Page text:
Hyperglycemia Linked to Higher Mortality in COVID-19 Patients
Fasting blood glucose at admission predicts 28-day mortality in patients without known diabetes
TUESDAY, July 14, 2020 (HealthDay News) -- For COVID-19 patients without a previous diagnosis of diabetes, fasting blood glucose (FBG) ≥7.0 mmol/L is an independent predictor of 28-day mortality, according to a study published online July 10 in Diabetologia.
Sufei Wang, from Tongji Medical College in Wuhan, China, and colleagues enrolled 605 COVID-19 patients with a definitive 28-day outcome and FBG measurement at admission from Jan. 24 to Feb. 10, 2020, from two hospitals in Wuhan. Demographic and clinical data, 28-day outcomes, in-hospital complications, and CRB-65 scores were examined; CRB-65 was used as a measure for assessing pneumonia severity.
The researchers found that 114 of the patients died in the hospital. In a multivariable analysis, independent predictors for 28-day mortality included age (hazard ratio, 1.02), male sex (hazard ratio, 1.75), CRB-65 score 1 to 2 (hazard ratio, 2.68), CRB-65 score 3 to 4 (hazard ratio, 5.25), and FBG ≥7.0 mmol/L (hazard ratio, 2.30). In those with FBG ≥7.0 mmol/L and 6.1 to 6.9 mmol/L versus <6.1 mmol/L, the odds ratios for 28-day in-hospital complications were 3.99 and 2.61, respectively.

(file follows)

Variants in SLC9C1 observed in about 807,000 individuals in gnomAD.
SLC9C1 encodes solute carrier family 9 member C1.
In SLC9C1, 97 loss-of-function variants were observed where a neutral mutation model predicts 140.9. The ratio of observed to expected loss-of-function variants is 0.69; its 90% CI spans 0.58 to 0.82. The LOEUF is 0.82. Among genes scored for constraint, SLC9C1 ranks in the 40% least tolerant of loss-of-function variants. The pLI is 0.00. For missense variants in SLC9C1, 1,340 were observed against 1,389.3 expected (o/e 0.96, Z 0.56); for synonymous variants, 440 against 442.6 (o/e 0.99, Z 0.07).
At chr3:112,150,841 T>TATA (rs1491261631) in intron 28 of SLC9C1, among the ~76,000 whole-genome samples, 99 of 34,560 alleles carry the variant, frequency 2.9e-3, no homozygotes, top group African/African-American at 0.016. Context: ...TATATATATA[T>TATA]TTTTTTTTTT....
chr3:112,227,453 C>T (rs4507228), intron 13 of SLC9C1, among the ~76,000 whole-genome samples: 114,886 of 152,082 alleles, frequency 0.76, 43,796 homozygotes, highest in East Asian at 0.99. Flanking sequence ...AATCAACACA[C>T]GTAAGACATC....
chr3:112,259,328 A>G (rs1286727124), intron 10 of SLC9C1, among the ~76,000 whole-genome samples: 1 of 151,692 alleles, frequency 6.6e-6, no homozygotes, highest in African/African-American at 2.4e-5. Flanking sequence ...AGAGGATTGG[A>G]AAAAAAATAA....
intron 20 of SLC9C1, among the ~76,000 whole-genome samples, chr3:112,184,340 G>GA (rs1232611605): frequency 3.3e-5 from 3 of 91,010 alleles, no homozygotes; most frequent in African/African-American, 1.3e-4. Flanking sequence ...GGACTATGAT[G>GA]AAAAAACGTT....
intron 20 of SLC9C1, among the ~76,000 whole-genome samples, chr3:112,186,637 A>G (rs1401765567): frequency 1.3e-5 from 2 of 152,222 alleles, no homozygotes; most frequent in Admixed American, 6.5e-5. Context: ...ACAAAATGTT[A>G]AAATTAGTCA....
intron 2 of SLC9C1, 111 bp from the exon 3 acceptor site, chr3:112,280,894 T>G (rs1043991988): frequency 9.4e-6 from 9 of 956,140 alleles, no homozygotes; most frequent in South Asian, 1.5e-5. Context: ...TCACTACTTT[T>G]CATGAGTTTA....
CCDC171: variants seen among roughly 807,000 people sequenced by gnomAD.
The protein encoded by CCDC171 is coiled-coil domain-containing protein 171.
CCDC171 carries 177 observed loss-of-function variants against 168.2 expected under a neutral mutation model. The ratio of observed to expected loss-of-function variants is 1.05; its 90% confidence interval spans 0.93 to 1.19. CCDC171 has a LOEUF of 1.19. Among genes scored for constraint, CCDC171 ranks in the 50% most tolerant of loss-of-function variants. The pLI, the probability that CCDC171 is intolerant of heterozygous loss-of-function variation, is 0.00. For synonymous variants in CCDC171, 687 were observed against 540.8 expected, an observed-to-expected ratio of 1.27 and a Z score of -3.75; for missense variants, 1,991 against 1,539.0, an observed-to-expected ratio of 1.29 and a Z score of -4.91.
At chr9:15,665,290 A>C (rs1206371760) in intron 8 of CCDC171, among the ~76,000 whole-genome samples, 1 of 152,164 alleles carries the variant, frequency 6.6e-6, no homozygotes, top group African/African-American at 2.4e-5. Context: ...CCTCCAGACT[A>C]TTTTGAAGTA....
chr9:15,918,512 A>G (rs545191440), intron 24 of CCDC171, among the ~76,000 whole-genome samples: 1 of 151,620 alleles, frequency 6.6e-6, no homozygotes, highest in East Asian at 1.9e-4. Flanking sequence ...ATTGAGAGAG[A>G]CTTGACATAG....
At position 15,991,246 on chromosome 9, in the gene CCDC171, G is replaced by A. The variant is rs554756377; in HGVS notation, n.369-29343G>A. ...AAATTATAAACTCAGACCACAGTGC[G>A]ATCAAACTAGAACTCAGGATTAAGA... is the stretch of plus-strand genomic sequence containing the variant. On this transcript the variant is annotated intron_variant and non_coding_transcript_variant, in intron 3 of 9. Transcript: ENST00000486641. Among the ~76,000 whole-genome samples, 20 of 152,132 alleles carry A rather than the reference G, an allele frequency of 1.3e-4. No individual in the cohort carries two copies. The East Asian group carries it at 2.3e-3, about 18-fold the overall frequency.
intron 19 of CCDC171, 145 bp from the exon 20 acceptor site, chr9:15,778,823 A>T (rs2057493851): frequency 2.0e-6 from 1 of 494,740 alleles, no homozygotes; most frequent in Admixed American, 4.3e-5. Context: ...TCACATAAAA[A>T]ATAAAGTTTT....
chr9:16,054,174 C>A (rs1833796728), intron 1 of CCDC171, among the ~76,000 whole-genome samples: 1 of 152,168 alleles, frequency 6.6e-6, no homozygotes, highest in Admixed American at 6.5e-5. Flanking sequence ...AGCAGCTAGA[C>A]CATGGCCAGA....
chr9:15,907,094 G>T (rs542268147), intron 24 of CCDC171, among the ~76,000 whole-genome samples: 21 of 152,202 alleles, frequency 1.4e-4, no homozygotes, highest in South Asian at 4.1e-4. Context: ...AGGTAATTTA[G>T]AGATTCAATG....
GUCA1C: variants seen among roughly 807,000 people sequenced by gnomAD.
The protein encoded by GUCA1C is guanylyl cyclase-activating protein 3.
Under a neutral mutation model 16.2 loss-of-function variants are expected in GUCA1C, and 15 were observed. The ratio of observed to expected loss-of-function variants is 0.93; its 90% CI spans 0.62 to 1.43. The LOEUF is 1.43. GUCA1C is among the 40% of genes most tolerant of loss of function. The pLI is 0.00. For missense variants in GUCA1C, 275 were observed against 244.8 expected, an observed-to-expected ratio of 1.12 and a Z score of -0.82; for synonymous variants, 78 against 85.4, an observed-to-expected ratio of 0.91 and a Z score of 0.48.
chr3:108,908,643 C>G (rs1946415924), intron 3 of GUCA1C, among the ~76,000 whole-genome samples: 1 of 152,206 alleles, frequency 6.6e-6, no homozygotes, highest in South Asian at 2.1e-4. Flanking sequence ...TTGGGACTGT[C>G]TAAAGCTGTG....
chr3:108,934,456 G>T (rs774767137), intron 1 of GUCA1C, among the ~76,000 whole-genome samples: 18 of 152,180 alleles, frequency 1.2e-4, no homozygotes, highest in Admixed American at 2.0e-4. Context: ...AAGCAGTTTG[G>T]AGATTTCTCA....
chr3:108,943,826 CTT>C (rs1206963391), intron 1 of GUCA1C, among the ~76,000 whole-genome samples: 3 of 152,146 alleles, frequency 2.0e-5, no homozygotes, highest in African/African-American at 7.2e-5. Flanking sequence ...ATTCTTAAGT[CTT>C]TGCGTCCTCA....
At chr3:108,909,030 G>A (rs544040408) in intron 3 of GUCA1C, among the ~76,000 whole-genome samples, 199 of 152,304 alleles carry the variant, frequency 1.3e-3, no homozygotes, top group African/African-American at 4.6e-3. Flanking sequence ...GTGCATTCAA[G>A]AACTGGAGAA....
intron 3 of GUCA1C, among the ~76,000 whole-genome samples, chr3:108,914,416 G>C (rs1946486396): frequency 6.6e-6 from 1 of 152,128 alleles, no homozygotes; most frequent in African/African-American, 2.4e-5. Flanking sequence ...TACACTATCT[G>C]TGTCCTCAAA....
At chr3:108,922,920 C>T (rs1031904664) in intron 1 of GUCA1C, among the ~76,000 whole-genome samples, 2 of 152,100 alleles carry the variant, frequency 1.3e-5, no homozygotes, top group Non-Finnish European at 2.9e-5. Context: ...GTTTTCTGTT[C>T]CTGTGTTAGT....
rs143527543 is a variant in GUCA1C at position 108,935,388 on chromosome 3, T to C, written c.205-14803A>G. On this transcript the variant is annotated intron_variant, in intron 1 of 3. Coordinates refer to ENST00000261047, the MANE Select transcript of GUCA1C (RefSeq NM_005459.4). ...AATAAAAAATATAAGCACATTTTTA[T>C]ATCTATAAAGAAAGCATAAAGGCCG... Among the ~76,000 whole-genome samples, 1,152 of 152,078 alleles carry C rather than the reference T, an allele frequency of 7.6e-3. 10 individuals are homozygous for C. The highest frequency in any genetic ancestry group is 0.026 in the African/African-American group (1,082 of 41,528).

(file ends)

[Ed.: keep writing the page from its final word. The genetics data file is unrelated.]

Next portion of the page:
"FBG ≥7.0 mmol/L at admission is an independent predictor for 28-day mortality in patients with COVID-19 without previous diagnosis of diabetes," the authors write. "Glycemic testing and control should be recommended for all COVID-19 patients even if they do not have pre-existing diabetes, as most COVID-19 patients are prone to glucose metabolic disorders."